Inspired to help impoverished children abroad, a young Seattle author gives back
Photo: Joshua Huston
For Elisa Johnson, living and traveling across Asia for most of her life until she was 7 gave her a chance to see firsthand the poverty and challenges faced by families in developing countries — and it made her want to help.
“I visited a village in Cambodia where women and children have to walk two hours each way just to get water,” says Elisa, now 11 and living in Seattle. “So for my birthday I asked for donations instead of gifts. My friends and family gave me $240 and I was able to buy a well for a family.”
Elisa also visited a school outside Mandalay, Myanmar, and was troubled by the sight of students without school supplies or a library. So last year she founded The Mandalay Project to raise money for the 450-student school. Elisa already has raised and donated $4,000 from individual donors, from her own Christmas money and from the money she earned on a book tour promoting her first novel, called The Rose.
She’s giving the remaining royalties from The Rose — a book published in February about a young servant girl searching for clues about her heritage — to support Ebola research. So far she’s donated nearly $200 to Doctors Without Borders, an international nonprofit fighting the disease.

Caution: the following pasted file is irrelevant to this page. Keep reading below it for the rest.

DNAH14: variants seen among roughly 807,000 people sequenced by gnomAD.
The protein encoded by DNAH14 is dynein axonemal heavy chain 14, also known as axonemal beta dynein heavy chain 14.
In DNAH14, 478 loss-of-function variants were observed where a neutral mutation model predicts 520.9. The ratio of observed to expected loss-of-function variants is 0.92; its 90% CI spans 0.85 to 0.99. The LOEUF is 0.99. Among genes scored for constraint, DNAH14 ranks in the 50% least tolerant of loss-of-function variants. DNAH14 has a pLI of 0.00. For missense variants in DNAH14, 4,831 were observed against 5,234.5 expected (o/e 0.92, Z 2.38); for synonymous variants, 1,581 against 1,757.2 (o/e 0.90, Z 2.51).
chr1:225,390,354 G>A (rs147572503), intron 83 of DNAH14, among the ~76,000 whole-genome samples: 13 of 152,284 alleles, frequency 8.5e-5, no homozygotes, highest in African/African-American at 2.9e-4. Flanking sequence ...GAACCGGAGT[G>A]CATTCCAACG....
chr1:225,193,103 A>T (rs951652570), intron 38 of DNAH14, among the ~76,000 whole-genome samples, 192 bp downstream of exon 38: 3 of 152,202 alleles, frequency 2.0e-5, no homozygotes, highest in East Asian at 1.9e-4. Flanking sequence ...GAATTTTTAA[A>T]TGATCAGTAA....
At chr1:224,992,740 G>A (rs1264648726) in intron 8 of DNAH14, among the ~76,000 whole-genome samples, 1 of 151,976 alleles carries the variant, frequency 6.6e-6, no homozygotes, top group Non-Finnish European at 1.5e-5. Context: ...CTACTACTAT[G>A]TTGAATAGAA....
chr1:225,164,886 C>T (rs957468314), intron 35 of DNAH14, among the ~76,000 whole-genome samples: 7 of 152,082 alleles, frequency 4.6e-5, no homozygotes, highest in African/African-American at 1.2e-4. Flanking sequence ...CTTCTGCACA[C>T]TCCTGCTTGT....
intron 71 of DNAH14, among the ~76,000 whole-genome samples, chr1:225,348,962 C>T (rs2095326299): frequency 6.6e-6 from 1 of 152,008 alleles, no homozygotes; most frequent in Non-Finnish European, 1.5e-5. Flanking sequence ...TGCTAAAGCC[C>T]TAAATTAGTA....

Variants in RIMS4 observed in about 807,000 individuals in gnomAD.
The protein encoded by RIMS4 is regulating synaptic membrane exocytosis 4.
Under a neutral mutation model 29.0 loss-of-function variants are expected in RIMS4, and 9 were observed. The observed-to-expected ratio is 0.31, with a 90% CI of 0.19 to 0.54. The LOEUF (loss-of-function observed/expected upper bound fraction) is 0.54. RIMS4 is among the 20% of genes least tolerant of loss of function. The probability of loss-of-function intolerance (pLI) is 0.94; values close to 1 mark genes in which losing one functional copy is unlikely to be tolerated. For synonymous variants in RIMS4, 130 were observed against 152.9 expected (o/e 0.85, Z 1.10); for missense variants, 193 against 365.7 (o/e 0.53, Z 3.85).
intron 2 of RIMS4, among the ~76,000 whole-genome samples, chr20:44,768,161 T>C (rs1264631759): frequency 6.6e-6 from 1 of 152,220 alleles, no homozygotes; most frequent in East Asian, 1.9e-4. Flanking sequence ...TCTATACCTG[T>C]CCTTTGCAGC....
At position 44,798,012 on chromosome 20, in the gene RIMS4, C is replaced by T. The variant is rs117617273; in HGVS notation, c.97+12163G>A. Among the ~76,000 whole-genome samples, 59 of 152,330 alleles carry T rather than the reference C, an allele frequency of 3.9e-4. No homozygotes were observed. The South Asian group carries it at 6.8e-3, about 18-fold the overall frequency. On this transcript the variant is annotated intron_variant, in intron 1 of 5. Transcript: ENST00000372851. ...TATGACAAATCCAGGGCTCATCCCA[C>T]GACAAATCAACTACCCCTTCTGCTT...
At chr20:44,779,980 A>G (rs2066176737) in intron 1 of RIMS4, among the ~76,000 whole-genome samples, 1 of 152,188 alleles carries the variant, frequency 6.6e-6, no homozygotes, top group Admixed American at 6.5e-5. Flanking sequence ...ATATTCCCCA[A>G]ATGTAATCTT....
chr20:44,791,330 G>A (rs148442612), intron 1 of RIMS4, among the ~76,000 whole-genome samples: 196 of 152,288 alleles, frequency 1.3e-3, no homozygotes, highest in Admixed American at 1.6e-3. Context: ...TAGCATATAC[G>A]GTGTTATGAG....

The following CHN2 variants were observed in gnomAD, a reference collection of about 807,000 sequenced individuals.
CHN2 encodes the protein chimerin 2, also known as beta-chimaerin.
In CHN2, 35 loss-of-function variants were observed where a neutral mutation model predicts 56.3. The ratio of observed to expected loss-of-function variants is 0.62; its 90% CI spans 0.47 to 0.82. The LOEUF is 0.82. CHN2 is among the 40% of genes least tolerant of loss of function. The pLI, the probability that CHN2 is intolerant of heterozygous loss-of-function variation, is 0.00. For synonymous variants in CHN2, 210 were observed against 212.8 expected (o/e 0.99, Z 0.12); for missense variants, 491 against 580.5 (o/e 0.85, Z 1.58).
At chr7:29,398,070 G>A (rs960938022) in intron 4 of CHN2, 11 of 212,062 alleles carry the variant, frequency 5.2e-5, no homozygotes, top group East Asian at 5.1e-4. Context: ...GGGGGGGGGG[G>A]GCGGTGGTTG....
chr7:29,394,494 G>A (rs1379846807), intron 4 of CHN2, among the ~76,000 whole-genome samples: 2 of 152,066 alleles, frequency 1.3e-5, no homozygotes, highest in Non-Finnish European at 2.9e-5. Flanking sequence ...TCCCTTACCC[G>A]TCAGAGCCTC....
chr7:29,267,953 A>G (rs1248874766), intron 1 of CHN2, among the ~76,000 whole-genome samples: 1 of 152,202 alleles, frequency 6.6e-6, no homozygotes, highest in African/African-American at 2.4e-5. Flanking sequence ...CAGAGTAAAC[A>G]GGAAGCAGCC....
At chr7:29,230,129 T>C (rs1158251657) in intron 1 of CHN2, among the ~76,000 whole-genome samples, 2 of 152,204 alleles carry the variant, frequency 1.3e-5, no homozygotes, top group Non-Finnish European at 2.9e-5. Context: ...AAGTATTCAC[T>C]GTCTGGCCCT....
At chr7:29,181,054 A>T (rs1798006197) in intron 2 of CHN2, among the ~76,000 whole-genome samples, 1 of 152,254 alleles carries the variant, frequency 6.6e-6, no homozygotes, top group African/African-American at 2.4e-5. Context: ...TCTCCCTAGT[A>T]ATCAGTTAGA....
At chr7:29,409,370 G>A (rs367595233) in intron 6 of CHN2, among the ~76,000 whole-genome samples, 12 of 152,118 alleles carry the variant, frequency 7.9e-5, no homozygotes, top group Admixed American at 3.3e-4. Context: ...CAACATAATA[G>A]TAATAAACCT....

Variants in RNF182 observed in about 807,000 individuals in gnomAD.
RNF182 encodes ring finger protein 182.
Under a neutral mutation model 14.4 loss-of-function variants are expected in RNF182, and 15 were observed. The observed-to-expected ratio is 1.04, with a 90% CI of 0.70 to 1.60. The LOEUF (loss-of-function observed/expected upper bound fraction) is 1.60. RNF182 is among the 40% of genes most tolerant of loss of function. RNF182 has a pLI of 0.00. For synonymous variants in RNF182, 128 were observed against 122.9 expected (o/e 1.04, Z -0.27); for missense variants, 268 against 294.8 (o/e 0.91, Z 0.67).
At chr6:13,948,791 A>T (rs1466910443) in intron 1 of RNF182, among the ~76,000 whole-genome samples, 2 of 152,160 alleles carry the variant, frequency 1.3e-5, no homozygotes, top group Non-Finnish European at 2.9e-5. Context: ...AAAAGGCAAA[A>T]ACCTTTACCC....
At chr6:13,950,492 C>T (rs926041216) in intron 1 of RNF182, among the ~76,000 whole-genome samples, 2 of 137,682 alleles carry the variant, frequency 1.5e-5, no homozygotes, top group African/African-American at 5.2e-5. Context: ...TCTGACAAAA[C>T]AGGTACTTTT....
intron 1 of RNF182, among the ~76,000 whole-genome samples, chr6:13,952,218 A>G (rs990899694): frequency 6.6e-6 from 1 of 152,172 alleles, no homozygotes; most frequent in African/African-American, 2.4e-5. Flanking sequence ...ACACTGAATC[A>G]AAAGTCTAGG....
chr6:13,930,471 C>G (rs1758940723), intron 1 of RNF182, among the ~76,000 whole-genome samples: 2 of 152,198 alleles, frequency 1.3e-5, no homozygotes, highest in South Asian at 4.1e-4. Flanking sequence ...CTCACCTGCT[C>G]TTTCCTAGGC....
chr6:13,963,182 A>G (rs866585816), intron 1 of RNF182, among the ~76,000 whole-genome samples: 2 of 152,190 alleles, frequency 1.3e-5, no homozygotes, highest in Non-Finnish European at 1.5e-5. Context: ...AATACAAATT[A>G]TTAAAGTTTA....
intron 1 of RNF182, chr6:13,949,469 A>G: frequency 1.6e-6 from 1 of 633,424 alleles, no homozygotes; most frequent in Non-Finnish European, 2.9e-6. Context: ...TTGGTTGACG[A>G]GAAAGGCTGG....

Over the summer, Elisa and her parents traveled back to Myanmar to visit the school, which used her donations to purchase pencils, book bags and textbooks, and establish a mobile library that travels to neighboring schools.
The headmaster and students of the school gathered to give her a blessing and thank her, and she was able to see for herself the impact of her work.
“It felt pretty good,” Elisa says.
To support The Mandalay Project, visit lanternprojects.org, go to “General Donation” and enter an amount and credit card information. Under “Review Donation” click “Add Special Instructions For The Recipient,” then for “Type” select Elisa’s Mandalay Project #243. Her book is available through Barnes and Noble and Amazon.